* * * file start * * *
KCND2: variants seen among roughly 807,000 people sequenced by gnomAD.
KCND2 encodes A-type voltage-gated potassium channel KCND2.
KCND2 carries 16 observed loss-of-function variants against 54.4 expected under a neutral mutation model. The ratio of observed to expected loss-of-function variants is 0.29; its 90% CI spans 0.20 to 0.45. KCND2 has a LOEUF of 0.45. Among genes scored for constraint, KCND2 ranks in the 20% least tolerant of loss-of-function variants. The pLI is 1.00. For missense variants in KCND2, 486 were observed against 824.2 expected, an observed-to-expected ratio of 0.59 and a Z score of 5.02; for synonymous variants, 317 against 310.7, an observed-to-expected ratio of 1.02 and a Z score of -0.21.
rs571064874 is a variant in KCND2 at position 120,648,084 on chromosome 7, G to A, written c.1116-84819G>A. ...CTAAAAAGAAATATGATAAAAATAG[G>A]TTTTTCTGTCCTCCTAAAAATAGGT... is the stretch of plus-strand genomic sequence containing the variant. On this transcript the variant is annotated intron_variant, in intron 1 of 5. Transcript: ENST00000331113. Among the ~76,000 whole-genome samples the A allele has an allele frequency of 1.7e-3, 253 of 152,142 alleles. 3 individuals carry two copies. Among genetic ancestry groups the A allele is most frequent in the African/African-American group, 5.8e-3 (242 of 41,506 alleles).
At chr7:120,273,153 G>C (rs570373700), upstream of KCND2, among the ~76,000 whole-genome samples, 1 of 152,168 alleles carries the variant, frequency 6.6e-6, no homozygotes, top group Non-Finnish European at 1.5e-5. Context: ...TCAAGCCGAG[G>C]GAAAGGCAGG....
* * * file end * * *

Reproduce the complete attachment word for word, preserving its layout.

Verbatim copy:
KCND2: variants seen among roughly 807,000 people sequenced by gnomAD.
KCND2 encodes A-type voltage-gated potassium channel KCND2.
KCND2 carries 16 observed loss-of-function variants against 54.4 expected under a neutral mutation model. The ratio of observed to expected loss-of-function variants is 0.29; its 90% CI spans 0.20 to 0.45. KCND2 has a LOEUF of 0.45. Among genes scored for constraint, KCND2 ranks in the 20% least tolerant of loss-of-function variants. The pLI is 1.00. For missense variants in KCND2, 486 were observed against 824.2 expected, an observed-to-expected ratio of 0.59 and a Z score of 5.02; for synonymous variants, 317 against 310.7, an observed-to-expected ratio of 1.02 and a Z score of -0.21.
rs571064874 is a variant in KCND2 at position 120,648,084 on chromosome 7, G to A, written c.1116-84819G>A. ...CTAAAAAGAAATATGATAAAAATAG[G>A]TTTTTCTGTCCTCCTAAAAATAGGT... is the stretch of plus-strand genomic sequence containing the variant. On this transcript the variant is annotated intron_variant, in intron 1 of 5. Transcript: ENST00000331113. Among the ~76,000 whole-genome samples the A allele has an allele frequency of 1.7e-3, 253 of 152,142 alleles. 3 individuals carry two copies. Among genetic ancestry groups the A allele is most frequent in the African/African-American group, 5.8e-3 (242 of 41,506 alleles).
At chr7:120,273,153 G>C (rs570373700), upstream of KCND2, among the ~76,000 whole-genome samples, 1 of 152,168 alleles carries the variant, frequency 6.6e-6, no homozygotes, top group Non-Finnish European at 1.5e-5. Context: ...TCAAGCCGAG[G>C]GAAAGGCAGG....